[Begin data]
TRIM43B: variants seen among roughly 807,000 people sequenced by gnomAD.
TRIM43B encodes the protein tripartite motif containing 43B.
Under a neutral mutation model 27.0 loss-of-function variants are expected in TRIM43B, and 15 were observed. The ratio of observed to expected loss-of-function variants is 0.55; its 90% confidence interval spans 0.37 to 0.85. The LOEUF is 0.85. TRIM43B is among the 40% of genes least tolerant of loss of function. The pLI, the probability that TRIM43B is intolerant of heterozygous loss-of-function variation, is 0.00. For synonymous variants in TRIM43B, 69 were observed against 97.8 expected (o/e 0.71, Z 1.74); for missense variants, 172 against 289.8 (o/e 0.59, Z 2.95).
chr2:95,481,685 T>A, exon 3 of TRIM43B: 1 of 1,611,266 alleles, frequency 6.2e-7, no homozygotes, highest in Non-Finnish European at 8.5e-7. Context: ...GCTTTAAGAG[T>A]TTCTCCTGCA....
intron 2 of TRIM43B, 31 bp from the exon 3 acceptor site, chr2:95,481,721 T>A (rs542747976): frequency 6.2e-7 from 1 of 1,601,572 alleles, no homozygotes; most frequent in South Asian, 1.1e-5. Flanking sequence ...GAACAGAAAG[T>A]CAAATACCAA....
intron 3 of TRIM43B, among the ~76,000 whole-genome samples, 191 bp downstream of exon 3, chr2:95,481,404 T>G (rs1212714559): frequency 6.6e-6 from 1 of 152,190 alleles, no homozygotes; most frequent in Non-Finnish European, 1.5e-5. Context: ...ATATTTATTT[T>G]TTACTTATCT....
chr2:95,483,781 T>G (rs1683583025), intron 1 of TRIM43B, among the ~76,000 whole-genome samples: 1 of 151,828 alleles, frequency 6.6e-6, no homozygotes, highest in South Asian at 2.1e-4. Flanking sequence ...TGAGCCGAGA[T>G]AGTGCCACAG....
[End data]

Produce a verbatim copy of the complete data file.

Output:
TRIM43B: variants seen among roughly 807,000 people sequenced by gnomAD.
TRIM43B encodes the protein tripartite motif containing 43B.
Under a neutral mutation model 27.0 loss-of-function variants are expected in TRIM43B, and 15 were observed. The ratio of observed to expected loss-of-function variants is 0.55; its 90% confidence interval spans 0.37 to 0.85. The LOEUF is 0.85. TRIM43B is among the 40% of genes least tolerant of loss of function. The pLI, the probability that TRIM43B is intolerant of heterozygous loss-of-function variation, is 0.00. For synonymous variants in TRIM43B, 69 were observed against 97.8 expected (o/e 0.71, Z 1.74); for missense variants, 172 against 289.8 (o/e 0.59, Z 2.95).
chr2:95,481,685 T>A, exon 3 of TRIM43B: 1 of 1,611,266 alleles, frequency 6.2e-7, no homozygotes, highest in Non-Finnish European at 8.5e-7. Context: ...GCTTTAAGAG[T>A]TTCTCCTGCA....
intron 2 of TRIM43B, 31 bp from the exon 3 acceptor site, chr2:95,481,721 T>A (rs542747976): frequency 6.2e-7 from 1 of 1,601,572 alleles, no homozygotes; most frequent in South Asian, 1.1e-5. Flanking sequence ...GAACAGAAAG[T>A]CAAATACCAA....
intron 3 of TRIM43B, among the ~76,000 whole-genome samples, 191 bp downstream of exon 3, chr2:95,481,404 T>G (rs1212714559): frequency 6.6e-6 from 1 of 152,190 alleles, no homozygotes; most frequent in Non-Finnish European, 1.5e-5. Context: ...ATATTTATTT[T>G]TTACTTATCT....
chr2:95,483,781 T>G (rs1683583025), intron 1 of TRIM43B, among the ~76,000 whole-genome samples: 1 of 151,828 alleles, frequency 6.6e-6, no homozygotes, highest in South Asian at 2.1e-4. Flanking sequence ...TGAGCCGAGA[T>G]AGTGCCACAG....